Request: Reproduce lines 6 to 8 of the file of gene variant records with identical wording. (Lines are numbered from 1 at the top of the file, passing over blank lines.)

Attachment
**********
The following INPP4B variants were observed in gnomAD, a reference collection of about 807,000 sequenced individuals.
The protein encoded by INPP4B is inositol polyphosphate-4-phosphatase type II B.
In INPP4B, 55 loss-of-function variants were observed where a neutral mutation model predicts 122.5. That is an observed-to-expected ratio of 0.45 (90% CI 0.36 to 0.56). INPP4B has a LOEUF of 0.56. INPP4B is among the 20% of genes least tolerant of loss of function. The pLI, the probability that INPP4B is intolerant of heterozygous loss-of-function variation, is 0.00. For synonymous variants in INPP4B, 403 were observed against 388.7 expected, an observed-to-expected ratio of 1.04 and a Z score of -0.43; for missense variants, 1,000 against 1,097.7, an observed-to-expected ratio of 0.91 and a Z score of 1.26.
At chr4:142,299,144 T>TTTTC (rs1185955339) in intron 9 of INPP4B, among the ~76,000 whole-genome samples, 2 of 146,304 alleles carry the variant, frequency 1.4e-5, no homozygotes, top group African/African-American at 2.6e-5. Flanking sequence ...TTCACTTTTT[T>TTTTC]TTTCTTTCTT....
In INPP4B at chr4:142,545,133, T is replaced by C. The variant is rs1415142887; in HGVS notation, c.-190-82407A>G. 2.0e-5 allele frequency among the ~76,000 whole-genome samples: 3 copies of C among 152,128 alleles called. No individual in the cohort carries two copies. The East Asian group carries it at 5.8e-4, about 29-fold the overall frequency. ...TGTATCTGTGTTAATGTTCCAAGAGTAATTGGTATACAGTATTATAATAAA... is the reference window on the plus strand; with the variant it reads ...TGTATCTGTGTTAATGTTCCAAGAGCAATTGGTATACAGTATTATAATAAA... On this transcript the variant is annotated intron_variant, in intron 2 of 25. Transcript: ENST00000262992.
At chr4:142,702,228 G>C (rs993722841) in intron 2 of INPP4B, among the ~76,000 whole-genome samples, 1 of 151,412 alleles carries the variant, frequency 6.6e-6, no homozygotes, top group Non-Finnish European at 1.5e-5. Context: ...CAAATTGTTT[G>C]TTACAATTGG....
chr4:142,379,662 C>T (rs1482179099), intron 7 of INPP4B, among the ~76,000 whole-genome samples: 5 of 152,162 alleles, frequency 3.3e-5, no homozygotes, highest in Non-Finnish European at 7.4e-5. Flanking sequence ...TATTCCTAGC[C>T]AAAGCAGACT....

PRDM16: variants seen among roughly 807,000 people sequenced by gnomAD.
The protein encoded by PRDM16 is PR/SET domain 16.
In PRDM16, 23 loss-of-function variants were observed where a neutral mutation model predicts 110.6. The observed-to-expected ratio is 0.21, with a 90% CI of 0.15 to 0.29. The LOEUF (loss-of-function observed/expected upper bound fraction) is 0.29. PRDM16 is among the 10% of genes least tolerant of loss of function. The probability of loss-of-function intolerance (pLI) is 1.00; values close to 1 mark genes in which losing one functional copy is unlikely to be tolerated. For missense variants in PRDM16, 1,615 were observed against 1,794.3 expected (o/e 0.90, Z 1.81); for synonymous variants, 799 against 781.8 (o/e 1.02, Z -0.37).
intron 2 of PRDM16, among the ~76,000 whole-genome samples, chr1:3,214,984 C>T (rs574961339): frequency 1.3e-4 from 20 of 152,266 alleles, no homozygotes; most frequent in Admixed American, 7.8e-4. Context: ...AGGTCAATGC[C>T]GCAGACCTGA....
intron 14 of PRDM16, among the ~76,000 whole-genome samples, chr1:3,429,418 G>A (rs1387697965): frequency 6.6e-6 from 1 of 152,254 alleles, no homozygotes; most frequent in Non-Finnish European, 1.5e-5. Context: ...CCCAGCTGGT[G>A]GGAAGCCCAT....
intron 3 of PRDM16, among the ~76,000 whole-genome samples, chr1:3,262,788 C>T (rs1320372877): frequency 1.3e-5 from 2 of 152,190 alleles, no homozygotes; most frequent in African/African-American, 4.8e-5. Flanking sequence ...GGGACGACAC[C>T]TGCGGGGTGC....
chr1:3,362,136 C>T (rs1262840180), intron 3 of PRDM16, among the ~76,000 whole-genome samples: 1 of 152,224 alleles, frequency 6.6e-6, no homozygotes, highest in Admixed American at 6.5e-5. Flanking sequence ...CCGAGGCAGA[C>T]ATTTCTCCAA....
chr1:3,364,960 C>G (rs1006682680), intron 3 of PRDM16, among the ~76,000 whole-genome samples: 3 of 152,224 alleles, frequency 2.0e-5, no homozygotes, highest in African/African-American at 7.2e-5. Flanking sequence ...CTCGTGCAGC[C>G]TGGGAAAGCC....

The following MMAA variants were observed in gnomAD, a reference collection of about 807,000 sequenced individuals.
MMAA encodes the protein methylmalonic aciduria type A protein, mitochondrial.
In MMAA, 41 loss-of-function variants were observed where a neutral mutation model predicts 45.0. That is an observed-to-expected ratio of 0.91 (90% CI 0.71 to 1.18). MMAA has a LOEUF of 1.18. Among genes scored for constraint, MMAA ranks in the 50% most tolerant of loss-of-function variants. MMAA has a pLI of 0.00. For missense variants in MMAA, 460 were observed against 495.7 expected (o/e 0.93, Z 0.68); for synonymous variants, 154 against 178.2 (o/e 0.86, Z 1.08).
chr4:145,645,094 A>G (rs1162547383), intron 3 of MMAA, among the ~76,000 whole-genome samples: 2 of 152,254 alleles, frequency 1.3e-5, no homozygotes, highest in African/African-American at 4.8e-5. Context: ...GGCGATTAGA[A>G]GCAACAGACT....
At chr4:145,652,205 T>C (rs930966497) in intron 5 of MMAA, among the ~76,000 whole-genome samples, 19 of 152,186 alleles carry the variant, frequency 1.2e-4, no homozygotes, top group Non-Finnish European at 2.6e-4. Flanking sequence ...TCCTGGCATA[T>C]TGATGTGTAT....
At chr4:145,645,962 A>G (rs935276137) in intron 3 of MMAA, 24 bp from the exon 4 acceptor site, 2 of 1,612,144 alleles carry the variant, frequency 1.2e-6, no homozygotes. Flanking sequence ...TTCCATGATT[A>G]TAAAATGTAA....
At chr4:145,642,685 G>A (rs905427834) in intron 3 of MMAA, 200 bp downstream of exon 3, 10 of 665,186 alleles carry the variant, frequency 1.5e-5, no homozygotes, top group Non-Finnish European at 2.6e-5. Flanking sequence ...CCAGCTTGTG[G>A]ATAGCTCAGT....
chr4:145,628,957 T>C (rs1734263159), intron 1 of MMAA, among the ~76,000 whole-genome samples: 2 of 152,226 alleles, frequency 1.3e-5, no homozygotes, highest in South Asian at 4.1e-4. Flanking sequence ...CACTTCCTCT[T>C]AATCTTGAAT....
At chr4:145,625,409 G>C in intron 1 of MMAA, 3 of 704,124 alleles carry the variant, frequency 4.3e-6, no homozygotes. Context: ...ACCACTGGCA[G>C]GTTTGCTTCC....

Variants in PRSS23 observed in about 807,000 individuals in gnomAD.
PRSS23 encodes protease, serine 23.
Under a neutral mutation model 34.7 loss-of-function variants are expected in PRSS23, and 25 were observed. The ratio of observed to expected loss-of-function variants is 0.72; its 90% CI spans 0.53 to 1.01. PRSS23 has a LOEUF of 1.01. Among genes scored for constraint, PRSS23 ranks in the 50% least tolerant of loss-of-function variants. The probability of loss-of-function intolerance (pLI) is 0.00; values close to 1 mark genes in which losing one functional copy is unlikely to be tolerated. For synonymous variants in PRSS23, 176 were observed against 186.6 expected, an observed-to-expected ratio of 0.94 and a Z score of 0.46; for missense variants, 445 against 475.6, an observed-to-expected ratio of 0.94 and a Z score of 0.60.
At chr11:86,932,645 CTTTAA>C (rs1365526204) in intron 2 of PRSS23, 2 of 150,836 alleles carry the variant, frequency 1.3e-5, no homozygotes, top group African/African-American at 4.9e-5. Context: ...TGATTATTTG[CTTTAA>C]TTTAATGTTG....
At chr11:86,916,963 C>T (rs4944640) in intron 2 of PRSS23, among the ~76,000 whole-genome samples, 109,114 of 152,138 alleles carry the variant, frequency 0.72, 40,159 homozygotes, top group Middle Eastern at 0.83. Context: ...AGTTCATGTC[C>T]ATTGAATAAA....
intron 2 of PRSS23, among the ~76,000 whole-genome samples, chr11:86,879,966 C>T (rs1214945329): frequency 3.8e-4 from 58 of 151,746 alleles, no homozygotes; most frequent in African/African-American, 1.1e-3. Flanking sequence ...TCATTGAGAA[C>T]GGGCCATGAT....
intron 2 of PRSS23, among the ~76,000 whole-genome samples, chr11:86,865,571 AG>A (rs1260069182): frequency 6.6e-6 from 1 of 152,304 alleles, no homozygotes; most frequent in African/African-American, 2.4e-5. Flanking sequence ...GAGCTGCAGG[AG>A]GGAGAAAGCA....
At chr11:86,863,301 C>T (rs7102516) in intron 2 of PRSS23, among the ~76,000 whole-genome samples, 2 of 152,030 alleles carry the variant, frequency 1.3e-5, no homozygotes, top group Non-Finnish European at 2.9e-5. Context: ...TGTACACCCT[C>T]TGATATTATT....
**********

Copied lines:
At chr4:142,702,228 G>C (rs993722841) in intron 2 of INPP4B, among the ~76,000 whole-genome samples, 1 of 151,412 alleles carries the variant, frequency 6.6e-6, no homozygotes, top group Non-Finnish European at 1.5e-5. Context: ...CAAATTGTTT[G>C]TTACAATTGG....
chr4:142,379,662 C>T (rs1482179099), intron 7 of INPP4B, among the ~76,000 whole-genome samples: 5 of 152,162 alleles, frequency 3.3e-5, no homozygotes, highest in Non-Finnish European at 7.4e-5. Flanking sequence ...TATTCCTAGC[C>T]AAAGCAGACT....

PRDM16: variants seen among roughly 807,000 people sequenced by gnomAD.